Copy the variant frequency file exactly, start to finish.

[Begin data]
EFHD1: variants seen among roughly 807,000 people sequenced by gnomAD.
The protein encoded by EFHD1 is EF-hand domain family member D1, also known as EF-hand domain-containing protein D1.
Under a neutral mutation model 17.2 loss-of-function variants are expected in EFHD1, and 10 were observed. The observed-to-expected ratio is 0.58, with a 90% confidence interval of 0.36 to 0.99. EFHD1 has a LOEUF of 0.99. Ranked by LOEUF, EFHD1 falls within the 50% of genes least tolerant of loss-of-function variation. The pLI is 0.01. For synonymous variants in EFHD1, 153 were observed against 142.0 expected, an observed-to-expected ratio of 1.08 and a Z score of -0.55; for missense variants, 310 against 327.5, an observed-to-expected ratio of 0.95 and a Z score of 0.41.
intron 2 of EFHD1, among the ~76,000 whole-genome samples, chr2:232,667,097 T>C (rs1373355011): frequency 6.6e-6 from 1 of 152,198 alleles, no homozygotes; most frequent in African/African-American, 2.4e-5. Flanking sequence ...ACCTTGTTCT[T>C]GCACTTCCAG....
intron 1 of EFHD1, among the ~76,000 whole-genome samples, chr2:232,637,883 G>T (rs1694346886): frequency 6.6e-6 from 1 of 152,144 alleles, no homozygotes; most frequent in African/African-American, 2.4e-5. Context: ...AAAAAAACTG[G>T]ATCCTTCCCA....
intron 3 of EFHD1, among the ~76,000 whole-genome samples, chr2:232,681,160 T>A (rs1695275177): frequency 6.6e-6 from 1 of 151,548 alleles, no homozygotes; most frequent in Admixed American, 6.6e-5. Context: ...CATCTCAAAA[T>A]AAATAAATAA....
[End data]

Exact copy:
EFHD1: variants seen among roughly 807,000 people sequenced by gnomAD.
The protein encoded by EFHD1 is EF-hand domain family member D1, also known as EF-hand domain-containing protein D1.
Under a neutral mutation model 17.2 loss-of-function variants are expected in EFHD1, and 10 were observed. The observed-to-expected ratio is 0.58, with a 90% confidence interval of 0.36 to 0.99. EFHD1 has a LOEUF of 0.99. Ranked by LOEUF, EFHD1 falls within the 50% of genes least tolerant of loss-of-function variation. The pLI is 0.01. For synonymous variants in EFHD1, 153 were observed against 142.0 expected, an observed-to-expected ratio of 1.08 and a Z score of -0.55; for missense variants, 310 against 327.5, an observed-to-expected ratio of 0.95 and a Z score of 0.41.
intron 2 of EFHD1, among the ~76,000 whole-genome samples, chr2:232,667,097 T>C (rs1373355011): frequency 6.6e-6 from 1 of 152,198 alleles, no homozygotes; most frequent in African/African-American, 2.4e-5. Flanking sequence ...ACCTTGTTCT[T>C]GCACTTCCAG....
intron 1 of EFHD1, among the ~76,000 whole-genome samples, chr2:232,637,883 G>T (rs1694346886): frequency 6.6e-6 from 1 of 152,144 alleles, no homozygotes; most frequent in African/African-American, 2.4e-5. Context: ...AAAAAAACTG[G>T]ATCCTTCCCA....
intron 3 of EFHD1, among the ~76,000 whole-genome samples, chr2:232,681,160 T>A (rs1695275177): frequency 6.6e-6 from 1 of 151,548 alleles, no homozygotes; most frequent in Admixed American, 6.6e-5. Context: ...CATCTCAAAA[T>A]AAATAAATAA....